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FAMILY AND MARRIAGE: Becoming best friends with a spouse

September 23, 2018

Becoming Best Friends

“A friend is someone who knows you as you are, understands where you have been, accepts what you have become, and still, gently allows you to grow.” — William Shakespeare

“There was reclining on Jesus’ bosom one of His disciples, whom Jesus loved [phileo].” — Bible

Bill and Beatty were madly in love when they married. They looked forward to a life of bliss together. Shortly after the wedding they both settled into their careers in the business world. Then Beatty became pregnant – several times. Years later, when the children were essentially gone, Bill and Beatty realized they were strangers. They didn’t really know each other at all. Just two people with the house and children in common, and not much else.

Last week we talked about agape love, one of the four types of love found in the Bible. Agape love is that unconditional love shown to us by God and expected of us toward one another. Bill and Beatty may still have agape love toward one another, but they were in need of another type of love, called phileo love.

Phileo love can be defined as the love one feels for a cherished friend of either sex. Dr. Ed Wheat, in his book “Love Life for Every Married Couple,” says “none of the loves of marriage offers more consistent pleasure than phileo. …The camaraderie of best friends who are also lovers seems twice as exciting and doubly precious.”

However, Dr. Wheat points out that phileo love is no sure thing. Phileo love is emotional and can’t be forced, but it can be developed. It is selective, based on qualities in another person and requires enjoyable interaction. Phileo love, unlike agape love, expects a response from the other person. It is based on sharing yourself with another.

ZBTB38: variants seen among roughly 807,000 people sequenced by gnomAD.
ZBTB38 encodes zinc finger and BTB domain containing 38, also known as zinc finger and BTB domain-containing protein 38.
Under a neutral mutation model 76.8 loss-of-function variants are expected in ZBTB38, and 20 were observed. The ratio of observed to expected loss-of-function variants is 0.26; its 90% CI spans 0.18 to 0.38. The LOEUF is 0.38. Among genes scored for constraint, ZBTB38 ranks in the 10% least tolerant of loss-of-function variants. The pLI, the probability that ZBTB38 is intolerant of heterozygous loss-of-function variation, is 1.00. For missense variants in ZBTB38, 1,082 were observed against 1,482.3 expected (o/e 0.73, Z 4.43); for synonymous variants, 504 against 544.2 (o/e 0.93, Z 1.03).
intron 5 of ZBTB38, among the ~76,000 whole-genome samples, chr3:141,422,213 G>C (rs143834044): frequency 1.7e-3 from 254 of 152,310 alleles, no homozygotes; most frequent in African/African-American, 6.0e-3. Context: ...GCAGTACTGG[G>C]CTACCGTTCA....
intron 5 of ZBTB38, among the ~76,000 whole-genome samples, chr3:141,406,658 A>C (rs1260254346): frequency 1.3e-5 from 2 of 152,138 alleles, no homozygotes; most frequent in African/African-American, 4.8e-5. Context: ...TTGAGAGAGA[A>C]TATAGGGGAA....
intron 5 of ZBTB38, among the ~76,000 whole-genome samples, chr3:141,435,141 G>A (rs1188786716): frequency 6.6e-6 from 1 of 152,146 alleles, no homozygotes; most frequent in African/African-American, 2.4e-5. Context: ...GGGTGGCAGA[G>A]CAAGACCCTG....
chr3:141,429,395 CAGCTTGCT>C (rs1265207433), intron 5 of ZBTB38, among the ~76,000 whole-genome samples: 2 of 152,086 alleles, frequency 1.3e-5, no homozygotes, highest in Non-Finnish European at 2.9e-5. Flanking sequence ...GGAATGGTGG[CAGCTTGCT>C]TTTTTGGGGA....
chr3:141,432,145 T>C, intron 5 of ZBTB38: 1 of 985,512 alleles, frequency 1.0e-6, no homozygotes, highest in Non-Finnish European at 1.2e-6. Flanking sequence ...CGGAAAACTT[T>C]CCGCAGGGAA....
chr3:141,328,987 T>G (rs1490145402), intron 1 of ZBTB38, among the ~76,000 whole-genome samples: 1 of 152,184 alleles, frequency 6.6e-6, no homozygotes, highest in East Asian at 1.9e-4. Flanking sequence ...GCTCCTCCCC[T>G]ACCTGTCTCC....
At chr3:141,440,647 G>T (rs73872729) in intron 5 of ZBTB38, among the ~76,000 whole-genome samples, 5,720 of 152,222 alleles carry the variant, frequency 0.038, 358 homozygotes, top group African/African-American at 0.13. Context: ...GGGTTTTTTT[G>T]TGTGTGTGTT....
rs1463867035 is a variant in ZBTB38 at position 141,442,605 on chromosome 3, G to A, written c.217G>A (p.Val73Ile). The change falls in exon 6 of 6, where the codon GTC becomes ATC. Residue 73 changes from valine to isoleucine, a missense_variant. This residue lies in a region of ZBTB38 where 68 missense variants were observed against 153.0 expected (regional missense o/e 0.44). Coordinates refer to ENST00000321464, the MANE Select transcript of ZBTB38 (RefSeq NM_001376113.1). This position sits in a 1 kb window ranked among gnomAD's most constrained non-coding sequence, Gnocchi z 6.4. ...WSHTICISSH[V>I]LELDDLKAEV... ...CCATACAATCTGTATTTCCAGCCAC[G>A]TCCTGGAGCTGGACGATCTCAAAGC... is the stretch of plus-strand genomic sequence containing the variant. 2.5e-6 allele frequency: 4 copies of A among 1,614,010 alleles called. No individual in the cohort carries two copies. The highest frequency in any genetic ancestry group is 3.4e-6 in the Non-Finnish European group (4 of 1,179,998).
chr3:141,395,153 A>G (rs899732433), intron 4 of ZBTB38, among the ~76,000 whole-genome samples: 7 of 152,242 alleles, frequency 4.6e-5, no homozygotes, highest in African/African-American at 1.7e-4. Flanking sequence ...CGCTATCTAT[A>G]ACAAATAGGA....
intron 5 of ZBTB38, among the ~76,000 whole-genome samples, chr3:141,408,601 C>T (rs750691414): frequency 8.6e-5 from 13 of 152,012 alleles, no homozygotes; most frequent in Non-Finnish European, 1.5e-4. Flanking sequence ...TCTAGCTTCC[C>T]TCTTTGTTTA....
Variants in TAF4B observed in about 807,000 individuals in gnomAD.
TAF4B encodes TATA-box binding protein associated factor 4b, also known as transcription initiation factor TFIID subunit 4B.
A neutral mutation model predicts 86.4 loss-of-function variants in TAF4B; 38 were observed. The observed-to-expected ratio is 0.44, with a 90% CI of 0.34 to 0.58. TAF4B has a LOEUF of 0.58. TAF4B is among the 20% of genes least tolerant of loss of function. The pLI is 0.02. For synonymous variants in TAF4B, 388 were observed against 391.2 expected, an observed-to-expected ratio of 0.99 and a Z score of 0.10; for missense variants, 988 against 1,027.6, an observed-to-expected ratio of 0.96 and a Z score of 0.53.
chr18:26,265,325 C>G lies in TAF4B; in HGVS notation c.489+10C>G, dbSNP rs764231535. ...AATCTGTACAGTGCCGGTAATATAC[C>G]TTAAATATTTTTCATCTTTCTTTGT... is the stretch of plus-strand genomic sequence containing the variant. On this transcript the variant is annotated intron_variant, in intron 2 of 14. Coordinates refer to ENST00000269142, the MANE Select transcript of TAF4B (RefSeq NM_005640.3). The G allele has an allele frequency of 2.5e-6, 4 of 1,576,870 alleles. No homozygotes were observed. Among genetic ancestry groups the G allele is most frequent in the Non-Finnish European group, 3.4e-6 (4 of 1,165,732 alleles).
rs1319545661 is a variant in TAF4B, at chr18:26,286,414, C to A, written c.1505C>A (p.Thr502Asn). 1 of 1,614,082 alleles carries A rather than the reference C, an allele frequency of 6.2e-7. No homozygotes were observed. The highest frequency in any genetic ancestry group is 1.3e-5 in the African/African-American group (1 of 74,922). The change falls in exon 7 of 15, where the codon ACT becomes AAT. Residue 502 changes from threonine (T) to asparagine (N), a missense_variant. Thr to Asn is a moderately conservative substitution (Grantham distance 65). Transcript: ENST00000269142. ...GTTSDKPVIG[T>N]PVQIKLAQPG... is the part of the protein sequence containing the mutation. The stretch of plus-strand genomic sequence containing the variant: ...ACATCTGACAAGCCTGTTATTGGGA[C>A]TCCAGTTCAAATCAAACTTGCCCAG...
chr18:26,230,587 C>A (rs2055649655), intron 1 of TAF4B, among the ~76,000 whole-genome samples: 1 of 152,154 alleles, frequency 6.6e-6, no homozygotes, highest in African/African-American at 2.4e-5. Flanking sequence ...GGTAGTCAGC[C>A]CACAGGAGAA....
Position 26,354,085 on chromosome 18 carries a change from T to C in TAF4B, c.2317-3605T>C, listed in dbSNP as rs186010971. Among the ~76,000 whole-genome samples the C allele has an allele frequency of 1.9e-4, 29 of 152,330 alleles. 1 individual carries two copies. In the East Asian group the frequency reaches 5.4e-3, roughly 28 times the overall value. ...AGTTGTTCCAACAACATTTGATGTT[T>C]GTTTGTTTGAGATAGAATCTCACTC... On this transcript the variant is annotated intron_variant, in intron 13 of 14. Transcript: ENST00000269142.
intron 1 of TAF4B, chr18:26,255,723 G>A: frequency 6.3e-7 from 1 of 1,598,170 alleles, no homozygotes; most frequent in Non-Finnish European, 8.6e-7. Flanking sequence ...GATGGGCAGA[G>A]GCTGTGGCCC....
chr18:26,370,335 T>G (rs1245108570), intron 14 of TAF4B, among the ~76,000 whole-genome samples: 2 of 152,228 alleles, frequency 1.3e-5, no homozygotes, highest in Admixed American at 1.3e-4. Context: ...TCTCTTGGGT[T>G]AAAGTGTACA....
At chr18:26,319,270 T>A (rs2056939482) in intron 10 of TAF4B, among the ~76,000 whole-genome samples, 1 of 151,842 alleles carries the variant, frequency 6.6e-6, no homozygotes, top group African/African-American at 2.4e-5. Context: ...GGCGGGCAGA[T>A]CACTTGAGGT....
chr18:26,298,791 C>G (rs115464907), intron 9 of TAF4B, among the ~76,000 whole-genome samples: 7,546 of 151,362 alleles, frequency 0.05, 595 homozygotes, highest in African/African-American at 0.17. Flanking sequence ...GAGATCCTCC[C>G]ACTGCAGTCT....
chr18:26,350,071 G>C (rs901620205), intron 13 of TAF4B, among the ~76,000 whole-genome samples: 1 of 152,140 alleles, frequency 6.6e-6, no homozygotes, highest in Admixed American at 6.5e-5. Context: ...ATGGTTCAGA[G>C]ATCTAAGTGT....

One of the benefits of a fairly lengthy courtship before marriage (and without the erotic love component of sex before marriage) is that the development of phileo love can make significant progress before the wedding takes place. Dr. Wheat suggests three phases of phileo friendship that we need to develop in our marriage.

The first phase is the Relaxation Phase. We learn to be comfortable with one another; find activities that we can enjoy together; invest enough in the relationship that we might even make some initial sacrifices in order to find common interests. We develop common goals and plans for the future, both near-term and long-range. We look for meaningful togetherness.

The development of trust is a key component of the Relaxation Phase. We know our spouse has our back. We aren’t worried about rejection. Dr. Wheat sites a Psychology Today survey asking Americans what was most valued in a friend (phileo). The top three were (1) the ability to keep confidences; (2) loyalty; (3) warmth and affection.

The second phase is the Rapport Phase. We take advantage of the trust we have built and we share aspects of ourselves that are precious and vulnerable. We truly give ourselves to our spouse; we are intimate not just physically but also mentally and emotionally.

The Rapport Phase is typically more difficult for the husband. Rapport by definition is “close and harmonious relationship in which people understand each other’s feelings or ideas and communicate well.” Understanding and communication go hand in hand. As we discussed in the past, women are better connectors than men. And yet in the Rapport Phase the husband must learn to communicate openly and vulnerably to his wife. Feeling accepted is a necessity in the Rapport Phase, and silence can negate acceptance.

The third and final phase is the Revelation Phase. Husband and wife are freely open to one another. “Both have gladly exchanged the original state of independence for an emotional interdependence that is unafraid to lean, to trust, to seek fulfillment of personal needs and desires.”

Dr. Wheat provides a warning about this phase, however. Phileo love feeds on response and if the marriage becomes as comfortable as an old shoe, the phileo love may be taken for granted and neglected. Phileo love must be continually nurtured.

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